The Demographic Basis
MOST WITCHCRAFT SUSPICIONS in colonial New England orginated in conflicts among people who knew one another. No one could be certain that an angry encounter with a neighbor would not elicit an accusation. Still, not everyone was equally vulnerable to the accusation of witchcraft. More importantly, not everyone was equally vulnerable to trial, conviction, and execution. For the process by which the community identified the witches in its midst was quite selective. It was informed not only by the witchcraft beliefs described in the first chapter—these could be applied to almost anyone—but also by several widely shared if largely unspoken assumptions about the kinds of people likely to align themselves with Satan.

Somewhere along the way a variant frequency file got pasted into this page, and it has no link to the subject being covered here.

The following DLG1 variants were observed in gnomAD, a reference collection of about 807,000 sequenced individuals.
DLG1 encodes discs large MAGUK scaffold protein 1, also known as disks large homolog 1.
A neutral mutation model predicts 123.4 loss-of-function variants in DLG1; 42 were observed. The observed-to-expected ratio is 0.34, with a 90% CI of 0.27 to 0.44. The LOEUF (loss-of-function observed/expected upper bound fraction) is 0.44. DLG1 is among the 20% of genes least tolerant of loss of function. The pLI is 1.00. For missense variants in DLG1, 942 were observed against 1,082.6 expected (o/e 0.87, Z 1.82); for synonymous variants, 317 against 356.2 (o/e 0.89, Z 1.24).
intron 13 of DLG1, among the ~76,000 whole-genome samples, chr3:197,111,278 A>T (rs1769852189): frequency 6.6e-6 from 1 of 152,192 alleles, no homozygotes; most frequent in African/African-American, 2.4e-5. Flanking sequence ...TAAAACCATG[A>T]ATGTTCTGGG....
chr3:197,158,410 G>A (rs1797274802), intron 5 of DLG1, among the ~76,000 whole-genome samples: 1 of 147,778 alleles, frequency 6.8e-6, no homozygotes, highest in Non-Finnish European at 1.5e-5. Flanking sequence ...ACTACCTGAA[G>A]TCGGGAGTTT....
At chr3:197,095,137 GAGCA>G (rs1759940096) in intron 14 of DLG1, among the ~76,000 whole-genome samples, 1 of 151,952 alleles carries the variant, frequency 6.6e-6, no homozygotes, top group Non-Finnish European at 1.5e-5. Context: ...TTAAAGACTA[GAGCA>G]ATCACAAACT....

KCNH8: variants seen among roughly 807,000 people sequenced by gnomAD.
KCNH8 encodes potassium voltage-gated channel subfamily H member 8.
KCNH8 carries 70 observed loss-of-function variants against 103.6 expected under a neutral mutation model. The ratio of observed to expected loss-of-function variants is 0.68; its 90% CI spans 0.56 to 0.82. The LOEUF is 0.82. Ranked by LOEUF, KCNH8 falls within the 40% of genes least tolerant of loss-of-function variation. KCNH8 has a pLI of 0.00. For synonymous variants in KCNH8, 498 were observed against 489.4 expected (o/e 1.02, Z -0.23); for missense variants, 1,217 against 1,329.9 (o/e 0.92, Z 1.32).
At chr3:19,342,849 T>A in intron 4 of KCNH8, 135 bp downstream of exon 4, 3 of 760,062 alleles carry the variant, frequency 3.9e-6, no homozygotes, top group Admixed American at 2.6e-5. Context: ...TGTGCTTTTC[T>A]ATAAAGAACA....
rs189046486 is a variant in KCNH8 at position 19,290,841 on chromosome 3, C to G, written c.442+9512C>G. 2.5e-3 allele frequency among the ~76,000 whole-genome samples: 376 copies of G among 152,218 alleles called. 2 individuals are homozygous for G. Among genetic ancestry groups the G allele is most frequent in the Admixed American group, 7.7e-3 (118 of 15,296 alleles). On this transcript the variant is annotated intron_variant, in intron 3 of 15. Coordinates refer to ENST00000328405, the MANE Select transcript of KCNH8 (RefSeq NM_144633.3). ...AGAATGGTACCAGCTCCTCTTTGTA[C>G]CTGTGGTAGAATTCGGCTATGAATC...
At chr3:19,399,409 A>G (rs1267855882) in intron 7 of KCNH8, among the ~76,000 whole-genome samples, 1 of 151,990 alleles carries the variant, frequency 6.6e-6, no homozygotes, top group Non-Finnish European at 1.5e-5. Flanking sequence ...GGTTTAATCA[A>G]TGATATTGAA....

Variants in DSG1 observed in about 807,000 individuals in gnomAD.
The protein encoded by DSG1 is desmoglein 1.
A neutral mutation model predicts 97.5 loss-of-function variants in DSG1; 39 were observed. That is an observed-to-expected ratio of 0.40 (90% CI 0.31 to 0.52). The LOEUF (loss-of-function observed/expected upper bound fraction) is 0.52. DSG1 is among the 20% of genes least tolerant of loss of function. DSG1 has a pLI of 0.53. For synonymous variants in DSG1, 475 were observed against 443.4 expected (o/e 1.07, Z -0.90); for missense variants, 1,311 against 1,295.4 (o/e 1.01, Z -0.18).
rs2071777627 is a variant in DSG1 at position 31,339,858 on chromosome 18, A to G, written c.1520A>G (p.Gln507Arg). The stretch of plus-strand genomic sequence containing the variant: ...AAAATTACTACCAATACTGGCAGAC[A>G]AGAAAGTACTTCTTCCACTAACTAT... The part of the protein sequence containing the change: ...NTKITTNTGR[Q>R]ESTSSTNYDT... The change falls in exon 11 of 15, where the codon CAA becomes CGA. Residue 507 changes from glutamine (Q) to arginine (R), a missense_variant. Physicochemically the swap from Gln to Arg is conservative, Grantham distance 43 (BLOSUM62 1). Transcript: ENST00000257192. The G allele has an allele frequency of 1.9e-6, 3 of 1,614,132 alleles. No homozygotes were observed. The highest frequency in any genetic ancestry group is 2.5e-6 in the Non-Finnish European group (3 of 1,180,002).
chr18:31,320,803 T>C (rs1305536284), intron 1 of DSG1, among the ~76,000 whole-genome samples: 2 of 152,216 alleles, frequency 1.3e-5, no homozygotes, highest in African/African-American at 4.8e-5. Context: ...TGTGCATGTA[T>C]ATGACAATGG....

Some New Englanders were likely witches, others were not. People who did not fit the shared image of the witch could certainly be accused, but except during outbreaks they were almost always vindicated early in the process. Sometimes people in the community simply ignored such accusations or refused to lend them public support. In some cases local authorities prevented further action by dismissing the charges as insubstantial or by punishing accusers for defaming the